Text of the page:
The Case for Cloud Data Security
Pete Nicoletti (CISO for Virtustream), who argued for cloud-based security management, had a solid counterpoint to Timpson’s statement.
His take: While security isn’t the core competency for most enterprise and mid-market organizations, it is the core competency for cloud vendors.
Vendors have the in-house resources and expertise to deliver repeatable and sustainable security practices that have been tested and verified.
The reality is that the cloud is likely no more of a danger zone than your very own in-house IT infrastructure.
Furthermore, Wieland Alge, VP and GM of EMEAR at Barracuda Networks, explained, “Almost all of the massive data breaches we’ve seen as of late were within traditional on-premises IT. Sometimes we are too quick in stating that the cloud is an inherently insecure element.”
With the right cloud provider, data security doesn’t have to be such a stress point.
How safe can a cloud provider get?
Physical security is an area often overlooked by customers who maintain on-premises systems. A former NATO command center located in Maine with staff onsite 24/7 is as safe a spot as any for critical systems and sensitive data. As a cloud practice, Oxford Networks secures its computing environment with industry best-practices and an approach to security that includes annual audits and regular testing. These enhancements complement sound internal practices that will always be part of the process of managing IT, whether in the cloud or on-prem.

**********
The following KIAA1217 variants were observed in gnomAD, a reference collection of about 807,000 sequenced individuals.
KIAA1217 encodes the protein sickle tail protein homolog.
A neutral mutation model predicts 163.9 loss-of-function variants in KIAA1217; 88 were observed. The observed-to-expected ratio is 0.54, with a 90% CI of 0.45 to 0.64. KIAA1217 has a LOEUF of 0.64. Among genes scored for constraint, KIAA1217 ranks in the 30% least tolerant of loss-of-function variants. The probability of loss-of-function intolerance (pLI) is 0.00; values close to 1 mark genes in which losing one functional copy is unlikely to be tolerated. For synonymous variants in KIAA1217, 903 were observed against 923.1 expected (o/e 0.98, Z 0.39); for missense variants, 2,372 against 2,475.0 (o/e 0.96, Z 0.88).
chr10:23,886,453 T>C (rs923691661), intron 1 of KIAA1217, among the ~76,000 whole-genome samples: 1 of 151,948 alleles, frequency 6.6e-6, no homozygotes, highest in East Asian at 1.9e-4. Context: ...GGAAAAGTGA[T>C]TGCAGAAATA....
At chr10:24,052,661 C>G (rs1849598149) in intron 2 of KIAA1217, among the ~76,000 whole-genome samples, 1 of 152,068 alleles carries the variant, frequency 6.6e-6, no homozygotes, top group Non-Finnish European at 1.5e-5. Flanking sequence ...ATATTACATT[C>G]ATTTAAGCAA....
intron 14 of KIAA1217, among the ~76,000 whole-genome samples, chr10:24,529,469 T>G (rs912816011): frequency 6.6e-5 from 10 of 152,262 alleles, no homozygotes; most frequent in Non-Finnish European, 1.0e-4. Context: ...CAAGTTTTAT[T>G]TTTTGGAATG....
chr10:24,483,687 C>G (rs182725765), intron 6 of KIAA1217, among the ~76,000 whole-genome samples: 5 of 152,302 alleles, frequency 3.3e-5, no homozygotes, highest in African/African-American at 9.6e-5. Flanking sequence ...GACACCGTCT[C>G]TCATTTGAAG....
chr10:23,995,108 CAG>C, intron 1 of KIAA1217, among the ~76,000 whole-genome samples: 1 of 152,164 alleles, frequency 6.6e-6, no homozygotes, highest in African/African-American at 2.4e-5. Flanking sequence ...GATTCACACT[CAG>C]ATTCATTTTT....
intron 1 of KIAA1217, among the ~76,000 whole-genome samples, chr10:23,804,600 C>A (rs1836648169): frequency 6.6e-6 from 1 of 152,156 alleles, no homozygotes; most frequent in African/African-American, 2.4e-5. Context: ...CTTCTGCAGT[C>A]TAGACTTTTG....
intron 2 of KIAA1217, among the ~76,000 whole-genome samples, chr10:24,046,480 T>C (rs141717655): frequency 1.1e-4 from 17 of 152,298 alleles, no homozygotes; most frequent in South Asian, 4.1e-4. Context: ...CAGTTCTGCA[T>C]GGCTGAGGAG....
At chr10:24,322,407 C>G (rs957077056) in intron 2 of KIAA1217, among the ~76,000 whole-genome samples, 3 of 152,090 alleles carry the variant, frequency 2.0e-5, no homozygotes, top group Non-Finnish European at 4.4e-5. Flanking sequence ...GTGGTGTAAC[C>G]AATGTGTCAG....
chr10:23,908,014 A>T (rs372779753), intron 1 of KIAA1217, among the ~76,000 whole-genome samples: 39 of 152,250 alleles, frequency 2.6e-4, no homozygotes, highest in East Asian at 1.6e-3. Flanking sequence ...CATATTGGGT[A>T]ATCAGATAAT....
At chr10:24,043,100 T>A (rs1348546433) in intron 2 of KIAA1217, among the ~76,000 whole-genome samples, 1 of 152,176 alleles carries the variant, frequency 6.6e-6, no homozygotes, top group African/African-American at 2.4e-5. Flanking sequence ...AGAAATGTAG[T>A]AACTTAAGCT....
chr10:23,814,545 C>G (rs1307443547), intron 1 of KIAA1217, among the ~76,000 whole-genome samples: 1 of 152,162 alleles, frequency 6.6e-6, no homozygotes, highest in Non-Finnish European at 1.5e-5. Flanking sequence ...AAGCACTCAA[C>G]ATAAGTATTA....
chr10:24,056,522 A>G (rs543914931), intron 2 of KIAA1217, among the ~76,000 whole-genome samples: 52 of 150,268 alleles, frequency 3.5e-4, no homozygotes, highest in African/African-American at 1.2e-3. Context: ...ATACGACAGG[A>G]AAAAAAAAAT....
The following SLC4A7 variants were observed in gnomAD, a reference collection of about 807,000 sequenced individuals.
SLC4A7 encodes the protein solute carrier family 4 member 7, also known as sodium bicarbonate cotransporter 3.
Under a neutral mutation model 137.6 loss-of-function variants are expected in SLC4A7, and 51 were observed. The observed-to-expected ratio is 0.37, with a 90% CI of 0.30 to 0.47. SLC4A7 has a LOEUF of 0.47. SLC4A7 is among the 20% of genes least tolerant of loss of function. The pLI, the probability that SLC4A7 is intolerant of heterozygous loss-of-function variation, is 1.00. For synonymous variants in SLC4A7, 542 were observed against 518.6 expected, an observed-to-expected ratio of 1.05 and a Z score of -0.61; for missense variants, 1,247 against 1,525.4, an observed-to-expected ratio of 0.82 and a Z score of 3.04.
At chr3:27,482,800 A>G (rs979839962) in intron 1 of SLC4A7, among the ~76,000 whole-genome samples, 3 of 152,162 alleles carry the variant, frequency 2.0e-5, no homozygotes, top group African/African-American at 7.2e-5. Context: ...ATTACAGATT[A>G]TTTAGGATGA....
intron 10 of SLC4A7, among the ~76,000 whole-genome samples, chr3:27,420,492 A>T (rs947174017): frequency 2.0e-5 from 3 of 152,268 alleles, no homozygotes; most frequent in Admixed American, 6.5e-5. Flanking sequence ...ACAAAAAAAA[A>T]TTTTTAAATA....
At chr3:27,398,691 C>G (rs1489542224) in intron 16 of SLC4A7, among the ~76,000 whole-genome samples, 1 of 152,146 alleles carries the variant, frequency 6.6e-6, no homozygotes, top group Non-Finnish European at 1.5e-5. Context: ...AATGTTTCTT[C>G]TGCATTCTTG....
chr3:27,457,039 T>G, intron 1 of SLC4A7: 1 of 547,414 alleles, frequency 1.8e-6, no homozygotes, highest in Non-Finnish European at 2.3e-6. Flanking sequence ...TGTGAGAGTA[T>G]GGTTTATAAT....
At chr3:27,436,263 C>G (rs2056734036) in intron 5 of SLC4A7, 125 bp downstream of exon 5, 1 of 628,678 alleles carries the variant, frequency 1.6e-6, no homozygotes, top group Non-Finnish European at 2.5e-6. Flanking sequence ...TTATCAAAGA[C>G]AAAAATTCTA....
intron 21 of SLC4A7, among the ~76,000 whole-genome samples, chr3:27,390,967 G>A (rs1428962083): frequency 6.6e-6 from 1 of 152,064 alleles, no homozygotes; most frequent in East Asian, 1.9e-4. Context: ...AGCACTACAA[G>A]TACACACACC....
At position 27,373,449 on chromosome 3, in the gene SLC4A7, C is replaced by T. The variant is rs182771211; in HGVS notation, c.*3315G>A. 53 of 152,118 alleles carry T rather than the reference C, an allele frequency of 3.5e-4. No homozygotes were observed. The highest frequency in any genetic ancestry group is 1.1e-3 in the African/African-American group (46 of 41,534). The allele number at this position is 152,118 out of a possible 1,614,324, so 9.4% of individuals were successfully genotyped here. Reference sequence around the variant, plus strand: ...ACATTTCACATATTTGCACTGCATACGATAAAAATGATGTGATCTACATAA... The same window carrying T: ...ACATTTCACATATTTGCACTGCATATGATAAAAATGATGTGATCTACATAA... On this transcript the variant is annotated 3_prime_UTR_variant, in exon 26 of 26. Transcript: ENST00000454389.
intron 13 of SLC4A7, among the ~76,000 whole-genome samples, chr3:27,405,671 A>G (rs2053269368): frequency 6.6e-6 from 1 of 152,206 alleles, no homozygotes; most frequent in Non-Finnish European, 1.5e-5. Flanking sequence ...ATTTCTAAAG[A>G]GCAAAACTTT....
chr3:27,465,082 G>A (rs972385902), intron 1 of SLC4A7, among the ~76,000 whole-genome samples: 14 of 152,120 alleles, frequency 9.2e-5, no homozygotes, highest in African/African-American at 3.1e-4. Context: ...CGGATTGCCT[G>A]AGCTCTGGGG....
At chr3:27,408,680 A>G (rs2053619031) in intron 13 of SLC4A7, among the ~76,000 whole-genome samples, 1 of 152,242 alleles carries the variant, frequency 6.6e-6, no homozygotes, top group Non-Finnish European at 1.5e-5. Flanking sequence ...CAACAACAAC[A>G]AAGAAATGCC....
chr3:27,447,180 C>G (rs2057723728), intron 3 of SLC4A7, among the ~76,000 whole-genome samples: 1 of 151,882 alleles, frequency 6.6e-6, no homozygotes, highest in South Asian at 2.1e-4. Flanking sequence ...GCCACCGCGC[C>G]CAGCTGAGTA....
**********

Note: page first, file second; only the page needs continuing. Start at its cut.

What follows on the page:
Learn about the cloud questions you need to answer in our free product sheet, Choose the Best Cloud Technology Path for Your Business.
Cloud technologies are in the midst of an evolution.
Startup companies in today’s economy are coming to the table with fully-operational, integrated cloud environments. The idea is to gain an edge on larger counterparts that haven’t yet adapted to cloud services, but that is only the beginning.
For new businesses – businesses that live and die by the ability to limit unexpected costs – migrating to the cloud makes perfect sense. Many startups are forgoing the expense of an internal IT Department altogether and living solely in the cloud.
Topics: Cloud Computing